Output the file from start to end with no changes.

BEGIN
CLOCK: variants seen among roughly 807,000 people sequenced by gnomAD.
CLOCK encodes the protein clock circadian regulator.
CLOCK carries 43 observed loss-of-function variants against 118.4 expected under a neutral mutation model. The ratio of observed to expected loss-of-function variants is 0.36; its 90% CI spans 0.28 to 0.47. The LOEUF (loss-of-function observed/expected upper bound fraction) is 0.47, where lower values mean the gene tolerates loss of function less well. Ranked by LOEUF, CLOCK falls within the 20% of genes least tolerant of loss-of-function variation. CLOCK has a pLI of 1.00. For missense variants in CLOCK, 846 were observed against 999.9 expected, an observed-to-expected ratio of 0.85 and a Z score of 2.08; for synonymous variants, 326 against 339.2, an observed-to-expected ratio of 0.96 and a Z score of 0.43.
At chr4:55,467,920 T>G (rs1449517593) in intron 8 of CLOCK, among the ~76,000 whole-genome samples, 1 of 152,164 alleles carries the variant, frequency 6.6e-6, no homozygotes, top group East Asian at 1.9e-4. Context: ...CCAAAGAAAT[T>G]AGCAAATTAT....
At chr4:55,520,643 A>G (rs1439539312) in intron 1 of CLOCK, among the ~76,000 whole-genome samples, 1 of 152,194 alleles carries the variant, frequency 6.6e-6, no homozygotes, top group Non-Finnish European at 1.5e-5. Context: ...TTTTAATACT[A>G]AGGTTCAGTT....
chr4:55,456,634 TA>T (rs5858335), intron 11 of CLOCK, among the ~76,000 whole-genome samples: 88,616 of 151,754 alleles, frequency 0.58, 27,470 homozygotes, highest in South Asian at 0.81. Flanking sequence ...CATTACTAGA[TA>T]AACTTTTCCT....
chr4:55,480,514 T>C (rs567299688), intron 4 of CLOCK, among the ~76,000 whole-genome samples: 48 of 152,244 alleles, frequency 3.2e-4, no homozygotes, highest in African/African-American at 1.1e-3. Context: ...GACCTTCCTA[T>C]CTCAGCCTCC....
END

CLOCK: variants seen among roughly 807,000 people sequenced by gnomAD.
CLOCK encodes the protein clock circadian regulator.
CLOCK carries 43 observed loss-of-function variants against 118.4 expected under a neutral mutation model. The ratio of observed to expected loss-of-function variants is 0.36; its 90% CI spans 0.28 to 0.47. The LOEUF (loss-of-function observed/expected upper bound fraction) is 0.47, where lower values mean the gene tolerates loss of function less well. Ranked by LOEUF, CLOCK falls within the 20% of genes least tolerant of loss-of-function variation. CLOCK has a pLI of 1.00. For missense variants in CLOCK, 846 were observed against 999.9 expected, an observed-to-expected ratio of 0.85 and a Z score of 2.08; for synonymous variants, 326 against 339.2, an observed-to-expected ratio of 0.96 and a Z score of 0.43.
At chr4:55,467,920 T>G (rs1449517593) in intron 8 of CLOCK, among the ~76,000 whole-genome samples, 1 of 152,164 alleles carries the variant, frequency 6.6e-6, no homozygotes, top group East Asian at 1.9e-4. Context: ...CCAAAGAAAT[T>G]AGCAAATTAT....
At chr4:55,520,643 A>G (rs1439539312) in intron 1 of CLOCK, among the ~76,000 whole-genome samples, 1 of 152,194 alleles carries the variant, frequency 6.6e-6, no homozygotes, top group Non-Finnish European at 1.5e-5. Context: ...TTTTAATACT[A>G]AGGTTCAGTT....
chr4:55,456,634 TA>T (rs5858335), intron 11 of CLOCK, among the ~76,000 whole-genome samples: 88,616 of 151,754 alleles, frequency 0.58, 27,470 homozygotes, highest in South Asian at 0.81. Flanking sequence ...CATTACTAGA[TA>T]AACTTTTCCT....
chr4:55,480,514 T>C (rs567299688), intron 4 of CLOCK, among the ~76,000 whole-genome samples: 48 of 152,244 alleles, frequency 3.2e-4, no homozygotes, highest in African/African-American at 1.1e-3. Context: ...GACCTTCCTA[T>C]CTCAGCCTCC....